Once you’ve been approved, the lender might give you a HELOC account card or checks so you can use your HELOC line conveniently.

Terms vary from loan to loan. It’s very important to understand how your HELOC works before you agree. Some loans might require immediate payment of all money owed at the end of the draw period. Others may extend repayment over decades.

To avoid repayment and keep a credit line open, borrowers often seek a new HELOC at the end of the draw period. They are refinancing their HELOC so they can continue borrowing while avoiding a big increase in the minimum monthly payment.

If you sell your home, you will be required to repay what you owe on the HELOC right away. This is easily done if the sale price exceeds what’s owed on the HELOC and any other mortgages. But it can mean trouble if the home is underwater, meaning it’s worth less than what is owed to the lenders. If that happens, you’ll need to make up the difference from your other savings or negotiate a deal, called a short sale, with the lenders.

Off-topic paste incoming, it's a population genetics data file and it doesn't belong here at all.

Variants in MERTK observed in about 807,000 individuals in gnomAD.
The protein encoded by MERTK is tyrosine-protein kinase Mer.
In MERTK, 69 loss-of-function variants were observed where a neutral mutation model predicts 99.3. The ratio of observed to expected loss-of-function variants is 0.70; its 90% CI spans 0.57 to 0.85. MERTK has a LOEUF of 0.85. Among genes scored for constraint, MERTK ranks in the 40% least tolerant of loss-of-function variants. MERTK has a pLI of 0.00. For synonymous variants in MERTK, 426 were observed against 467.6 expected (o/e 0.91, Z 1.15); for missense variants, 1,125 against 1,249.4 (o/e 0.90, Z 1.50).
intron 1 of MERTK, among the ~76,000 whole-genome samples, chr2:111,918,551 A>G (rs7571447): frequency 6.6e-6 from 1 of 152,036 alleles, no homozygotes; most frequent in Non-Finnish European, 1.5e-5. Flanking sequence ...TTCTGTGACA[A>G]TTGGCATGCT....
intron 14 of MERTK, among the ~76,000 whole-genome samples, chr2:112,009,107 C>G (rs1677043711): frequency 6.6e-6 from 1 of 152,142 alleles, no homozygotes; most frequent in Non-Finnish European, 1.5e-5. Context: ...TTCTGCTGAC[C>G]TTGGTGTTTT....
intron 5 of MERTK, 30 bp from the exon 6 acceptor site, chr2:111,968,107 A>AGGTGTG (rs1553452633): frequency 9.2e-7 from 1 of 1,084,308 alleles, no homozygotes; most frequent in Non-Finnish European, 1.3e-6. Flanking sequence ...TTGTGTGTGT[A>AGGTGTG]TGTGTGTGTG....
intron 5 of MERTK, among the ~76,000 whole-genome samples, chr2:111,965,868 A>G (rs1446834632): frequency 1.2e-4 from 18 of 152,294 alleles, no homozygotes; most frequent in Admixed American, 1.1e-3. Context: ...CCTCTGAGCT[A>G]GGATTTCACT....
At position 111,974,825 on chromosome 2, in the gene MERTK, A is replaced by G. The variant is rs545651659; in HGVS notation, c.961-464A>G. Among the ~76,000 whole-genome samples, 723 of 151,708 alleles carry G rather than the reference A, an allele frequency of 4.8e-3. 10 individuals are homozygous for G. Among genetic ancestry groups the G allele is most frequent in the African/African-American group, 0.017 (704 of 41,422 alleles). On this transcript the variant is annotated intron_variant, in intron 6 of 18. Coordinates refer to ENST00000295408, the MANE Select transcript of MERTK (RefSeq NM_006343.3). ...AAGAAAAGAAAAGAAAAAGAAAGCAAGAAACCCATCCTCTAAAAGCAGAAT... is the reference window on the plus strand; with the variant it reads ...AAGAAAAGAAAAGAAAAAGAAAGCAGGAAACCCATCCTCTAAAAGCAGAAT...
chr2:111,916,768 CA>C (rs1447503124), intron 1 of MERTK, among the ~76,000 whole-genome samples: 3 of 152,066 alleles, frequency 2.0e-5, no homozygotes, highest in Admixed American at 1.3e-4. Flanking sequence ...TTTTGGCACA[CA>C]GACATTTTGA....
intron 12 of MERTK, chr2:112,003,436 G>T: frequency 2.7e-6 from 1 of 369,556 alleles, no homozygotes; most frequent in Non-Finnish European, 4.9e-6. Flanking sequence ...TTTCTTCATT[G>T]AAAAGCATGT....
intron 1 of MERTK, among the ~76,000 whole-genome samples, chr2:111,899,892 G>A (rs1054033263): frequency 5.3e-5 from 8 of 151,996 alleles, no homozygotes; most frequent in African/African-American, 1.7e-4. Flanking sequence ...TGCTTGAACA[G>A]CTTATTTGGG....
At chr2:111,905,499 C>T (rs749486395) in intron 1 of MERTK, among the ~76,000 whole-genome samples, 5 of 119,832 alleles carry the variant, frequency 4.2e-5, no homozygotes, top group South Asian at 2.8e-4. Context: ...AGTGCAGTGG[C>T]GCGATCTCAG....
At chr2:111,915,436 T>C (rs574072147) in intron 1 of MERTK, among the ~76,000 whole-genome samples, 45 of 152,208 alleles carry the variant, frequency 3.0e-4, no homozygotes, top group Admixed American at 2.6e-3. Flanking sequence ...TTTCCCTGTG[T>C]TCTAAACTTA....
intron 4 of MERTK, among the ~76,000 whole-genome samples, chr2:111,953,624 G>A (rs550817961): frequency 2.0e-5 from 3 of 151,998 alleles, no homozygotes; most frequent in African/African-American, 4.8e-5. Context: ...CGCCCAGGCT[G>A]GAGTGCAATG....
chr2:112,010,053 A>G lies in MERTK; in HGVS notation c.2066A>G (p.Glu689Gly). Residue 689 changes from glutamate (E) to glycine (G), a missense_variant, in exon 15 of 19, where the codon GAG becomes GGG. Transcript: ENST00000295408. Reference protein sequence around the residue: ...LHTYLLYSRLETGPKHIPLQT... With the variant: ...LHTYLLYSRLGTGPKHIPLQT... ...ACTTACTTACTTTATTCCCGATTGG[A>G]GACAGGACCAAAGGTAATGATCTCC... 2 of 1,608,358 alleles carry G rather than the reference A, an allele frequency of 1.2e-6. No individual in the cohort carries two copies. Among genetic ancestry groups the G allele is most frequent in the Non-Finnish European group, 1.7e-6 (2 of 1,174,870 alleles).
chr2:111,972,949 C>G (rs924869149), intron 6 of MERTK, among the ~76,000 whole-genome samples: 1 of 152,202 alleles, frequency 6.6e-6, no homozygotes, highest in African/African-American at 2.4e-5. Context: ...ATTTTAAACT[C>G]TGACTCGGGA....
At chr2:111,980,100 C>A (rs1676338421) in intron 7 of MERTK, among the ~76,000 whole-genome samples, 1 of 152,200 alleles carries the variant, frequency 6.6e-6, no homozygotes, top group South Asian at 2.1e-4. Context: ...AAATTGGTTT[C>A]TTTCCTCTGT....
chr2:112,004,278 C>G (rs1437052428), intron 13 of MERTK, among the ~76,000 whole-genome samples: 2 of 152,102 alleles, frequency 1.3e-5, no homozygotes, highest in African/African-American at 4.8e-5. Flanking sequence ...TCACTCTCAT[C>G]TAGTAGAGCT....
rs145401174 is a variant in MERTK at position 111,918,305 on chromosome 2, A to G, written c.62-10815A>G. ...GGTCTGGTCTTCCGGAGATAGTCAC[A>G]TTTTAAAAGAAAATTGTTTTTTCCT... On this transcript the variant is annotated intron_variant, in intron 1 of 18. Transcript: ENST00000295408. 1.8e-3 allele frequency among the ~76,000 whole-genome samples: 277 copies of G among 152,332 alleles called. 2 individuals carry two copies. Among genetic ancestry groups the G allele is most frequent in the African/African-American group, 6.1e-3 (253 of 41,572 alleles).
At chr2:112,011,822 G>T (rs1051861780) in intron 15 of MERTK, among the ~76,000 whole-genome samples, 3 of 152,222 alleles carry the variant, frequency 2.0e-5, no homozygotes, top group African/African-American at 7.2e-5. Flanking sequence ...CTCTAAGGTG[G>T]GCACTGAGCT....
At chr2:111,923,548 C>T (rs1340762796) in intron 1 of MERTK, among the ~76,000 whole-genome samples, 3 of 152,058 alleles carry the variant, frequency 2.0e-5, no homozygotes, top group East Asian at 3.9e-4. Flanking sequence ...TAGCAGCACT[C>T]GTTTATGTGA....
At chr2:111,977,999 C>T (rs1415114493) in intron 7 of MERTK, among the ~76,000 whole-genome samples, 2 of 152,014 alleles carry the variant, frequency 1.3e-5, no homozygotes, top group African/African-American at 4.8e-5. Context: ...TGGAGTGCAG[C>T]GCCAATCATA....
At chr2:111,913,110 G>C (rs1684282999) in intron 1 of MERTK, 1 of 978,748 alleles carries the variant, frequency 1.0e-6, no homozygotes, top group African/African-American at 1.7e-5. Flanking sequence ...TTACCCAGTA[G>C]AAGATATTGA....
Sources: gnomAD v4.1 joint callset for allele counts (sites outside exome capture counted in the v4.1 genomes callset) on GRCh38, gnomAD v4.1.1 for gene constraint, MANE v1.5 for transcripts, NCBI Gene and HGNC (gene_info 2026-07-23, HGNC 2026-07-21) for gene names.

Like other types of mortgages, the interest on a home equity line of credit is tax deductible. The interest rate can be low, but it’s often variable, meaning it will adjust with a chosen financial index. Interest on a loan may start at 4% annually, and then rise or fall in concert with changes in the index. Since you are paying interest on the balance due, the monthly payment will change in tandem with the interest rate. Some HELOCs offer interest rate locks, which freeze rates until they are unlocked at the borrower’s discretion.

How Much Can You Borrow?

Lenders use formulas to decide how much home equity you can borrow from with a home equity line of credit. Each lender is different, so it’s a good idea to apply to several banks, credit unions, and online lenders before choosing the best offer.

Before the market collapse of 2008, homeowners could often borrow as much as 100% of the equity in their homes. Lending laws have tightened since then. Today, most people are restricted to borrowing 80% of the equity in their homes. However, income and credit history still play a role in determining the max credit line offered to you.

Qualifications for a HELOC

If you already have a mortgage, you should be familiar with what it takes to qualify for a HELOC. Both HELOCs and home equity loans are technically second mortgages and require nearly the same documentation.

Things lenders want to know include: